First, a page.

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The Effects of Prolonged Fasting of the Body Composition and Reproductive Success of Female Polar Bears (Ursus maritimus)
S. N. Atkinson and M. A. Ramsay
Vol. 9, No. 4 (Aug., 1995), pp. 559-567
Published by: British Ecological Society
Stable URL: http://www.jstor.org/stable/2390145
Page Count: 9
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1. In total, pregnant Polar Bears that enter maternity dens in late summer/autumn may fast for up to 8 months in addition to meeting the nutritional demands of gestation and lactation. We quantified the nutritional costs of this prolonged `reproductive fast' and examined the effect of variation in maternal body condition on reproductive success. 2. Prior to entering dens, pregnant females were obese, containing as much as 1 kg of fat/kg of lean body mass (LBM). Among bears, LBM increased with body fat mass. This accumulation of LBM may be necessary in order to transport the large fat stores required for fasting, and may also provide a pool of protein essential for reproduction. 3. While fasting, bears lost 43% of body mass. Of the total energy expended on maintenance and reproduction, 93% was drawn from fat stores. This dependency upon fat conforms to the pattern of nutrient metabolism seen among other species adapted to prolonged fasting. Maternal metabolic rate was less than the predicted resting metabolic rate which illustrates the effectiveness of denning as an energy-conserving strategy. 4. Body fat was critically important for reproductive success. In particular, offspring body weight was very strongly related to the size of maternal fat stores before denning. Fatter bears produced heavier cubs which would be more likely to survive. 5. Among bears, pre-denning body condition was positively associated with age. Within the observed range (4-21 years), age-specific reproductive success should thus be highest among older bears. Such an effect could arise if: (1) the body condition of individual bears tends to improve with age and experience or (2) animals of poorer quality and condition die at a younger age.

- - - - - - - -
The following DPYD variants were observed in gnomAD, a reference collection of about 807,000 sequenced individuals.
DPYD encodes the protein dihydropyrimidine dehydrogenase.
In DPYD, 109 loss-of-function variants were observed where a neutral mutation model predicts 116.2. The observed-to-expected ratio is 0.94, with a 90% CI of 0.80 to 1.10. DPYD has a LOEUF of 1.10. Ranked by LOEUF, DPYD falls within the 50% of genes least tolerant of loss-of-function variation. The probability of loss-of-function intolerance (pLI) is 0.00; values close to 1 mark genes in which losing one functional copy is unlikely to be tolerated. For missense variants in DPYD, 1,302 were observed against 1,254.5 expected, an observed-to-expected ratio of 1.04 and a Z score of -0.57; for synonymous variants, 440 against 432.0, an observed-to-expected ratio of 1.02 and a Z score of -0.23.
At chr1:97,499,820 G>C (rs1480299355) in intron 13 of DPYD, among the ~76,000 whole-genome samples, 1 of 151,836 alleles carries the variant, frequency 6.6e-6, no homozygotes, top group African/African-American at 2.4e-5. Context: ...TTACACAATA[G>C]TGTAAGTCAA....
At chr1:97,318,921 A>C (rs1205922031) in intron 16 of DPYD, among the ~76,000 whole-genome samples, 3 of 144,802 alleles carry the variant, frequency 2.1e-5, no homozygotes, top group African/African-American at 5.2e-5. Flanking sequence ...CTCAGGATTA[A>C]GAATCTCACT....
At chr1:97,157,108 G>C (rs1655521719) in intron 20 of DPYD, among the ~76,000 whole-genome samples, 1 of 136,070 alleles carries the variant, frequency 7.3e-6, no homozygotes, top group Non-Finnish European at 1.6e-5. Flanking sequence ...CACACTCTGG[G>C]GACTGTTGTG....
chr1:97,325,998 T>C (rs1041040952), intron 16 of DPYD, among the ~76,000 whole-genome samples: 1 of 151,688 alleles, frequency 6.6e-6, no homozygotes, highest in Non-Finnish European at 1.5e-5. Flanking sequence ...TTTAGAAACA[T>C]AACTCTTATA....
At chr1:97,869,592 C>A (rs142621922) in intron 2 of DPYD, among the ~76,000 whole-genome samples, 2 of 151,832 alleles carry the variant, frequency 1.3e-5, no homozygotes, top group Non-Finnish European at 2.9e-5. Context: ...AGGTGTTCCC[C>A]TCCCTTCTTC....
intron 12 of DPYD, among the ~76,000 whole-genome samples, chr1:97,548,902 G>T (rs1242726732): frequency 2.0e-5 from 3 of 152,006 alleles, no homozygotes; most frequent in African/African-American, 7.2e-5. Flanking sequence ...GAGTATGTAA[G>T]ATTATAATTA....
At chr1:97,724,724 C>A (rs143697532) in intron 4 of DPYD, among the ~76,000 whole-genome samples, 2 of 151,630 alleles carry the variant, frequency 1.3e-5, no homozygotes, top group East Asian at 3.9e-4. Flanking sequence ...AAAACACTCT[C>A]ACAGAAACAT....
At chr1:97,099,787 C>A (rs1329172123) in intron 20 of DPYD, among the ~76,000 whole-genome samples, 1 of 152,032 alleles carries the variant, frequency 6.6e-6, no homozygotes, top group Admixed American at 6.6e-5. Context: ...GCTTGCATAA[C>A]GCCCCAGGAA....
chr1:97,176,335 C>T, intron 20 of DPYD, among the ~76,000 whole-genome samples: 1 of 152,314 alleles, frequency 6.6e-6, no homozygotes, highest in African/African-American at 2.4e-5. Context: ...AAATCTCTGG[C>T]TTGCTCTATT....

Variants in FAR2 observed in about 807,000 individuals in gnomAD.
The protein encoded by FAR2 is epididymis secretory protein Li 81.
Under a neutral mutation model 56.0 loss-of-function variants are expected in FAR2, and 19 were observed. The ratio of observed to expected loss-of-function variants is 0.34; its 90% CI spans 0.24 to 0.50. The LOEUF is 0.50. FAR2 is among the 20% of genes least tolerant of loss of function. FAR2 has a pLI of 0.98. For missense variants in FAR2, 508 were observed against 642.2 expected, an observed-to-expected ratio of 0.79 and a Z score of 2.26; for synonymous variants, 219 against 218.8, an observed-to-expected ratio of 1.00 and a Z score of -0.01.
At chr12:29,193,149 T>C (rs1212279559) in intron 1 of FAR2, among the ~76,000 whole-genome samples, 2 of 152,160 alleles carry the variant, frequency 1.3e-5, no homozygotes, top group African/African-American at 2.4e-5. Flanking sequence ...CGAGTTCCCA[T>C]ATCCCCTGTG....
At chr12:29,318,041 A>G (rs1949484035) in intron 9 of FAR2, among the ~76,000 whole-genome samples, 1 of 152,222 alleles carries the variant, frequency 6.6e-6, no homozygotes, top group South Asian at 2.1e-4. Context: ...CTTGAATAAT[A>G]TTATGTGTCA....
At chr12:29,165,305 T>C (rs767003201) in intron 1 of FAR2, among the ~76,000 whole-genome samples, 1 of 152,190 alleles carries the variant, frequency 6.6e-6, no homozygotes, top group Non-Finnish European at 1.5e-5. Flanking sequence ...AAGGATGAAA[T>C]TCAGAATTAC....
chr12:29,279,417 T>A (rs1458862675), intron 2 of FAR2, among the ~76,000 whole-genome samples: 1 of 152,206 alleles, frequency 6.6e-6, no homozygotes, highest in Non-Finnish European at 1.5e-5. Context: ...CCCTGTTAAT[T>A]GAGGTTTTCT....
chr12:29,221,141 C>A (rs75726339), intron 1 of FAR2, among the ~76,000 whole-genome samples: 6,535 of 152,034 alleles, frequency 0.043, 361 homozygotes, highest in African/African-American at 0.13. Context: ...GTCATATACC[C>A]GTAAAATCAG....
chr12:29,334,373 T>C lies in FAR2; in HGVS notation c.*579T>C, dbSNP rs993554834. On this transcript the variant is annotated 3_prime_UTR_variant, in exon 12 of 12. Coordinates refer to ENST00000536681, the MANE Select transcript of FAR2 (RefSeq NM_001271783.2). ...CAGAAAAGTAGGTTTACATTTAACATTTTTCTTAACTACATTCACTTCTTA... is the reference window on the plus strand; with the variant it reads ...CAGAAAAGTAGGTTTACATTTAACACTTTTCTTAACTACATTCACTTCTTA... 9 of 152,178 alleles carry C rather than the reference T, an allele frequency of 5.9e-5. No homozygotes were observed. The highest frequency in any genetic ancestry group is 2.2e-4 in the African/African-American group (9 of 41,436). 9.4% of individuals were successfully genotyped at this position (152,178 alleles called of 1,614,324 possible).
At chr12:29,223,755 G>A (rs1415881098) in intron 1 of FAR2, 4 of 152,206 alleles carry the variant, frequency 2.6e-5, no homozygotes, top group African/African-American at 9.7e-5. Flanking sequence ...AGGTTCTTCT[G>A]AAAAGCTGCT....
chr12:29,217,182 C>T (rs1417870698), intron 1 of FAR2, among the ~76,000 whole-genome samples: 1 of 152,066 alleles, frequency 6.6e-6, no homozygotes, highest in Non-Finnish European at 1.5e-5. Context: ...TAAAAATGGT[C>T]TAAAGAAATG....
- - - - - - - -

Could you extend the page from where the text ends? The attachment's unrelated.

Functional Ecology © 1995 British Ecological Society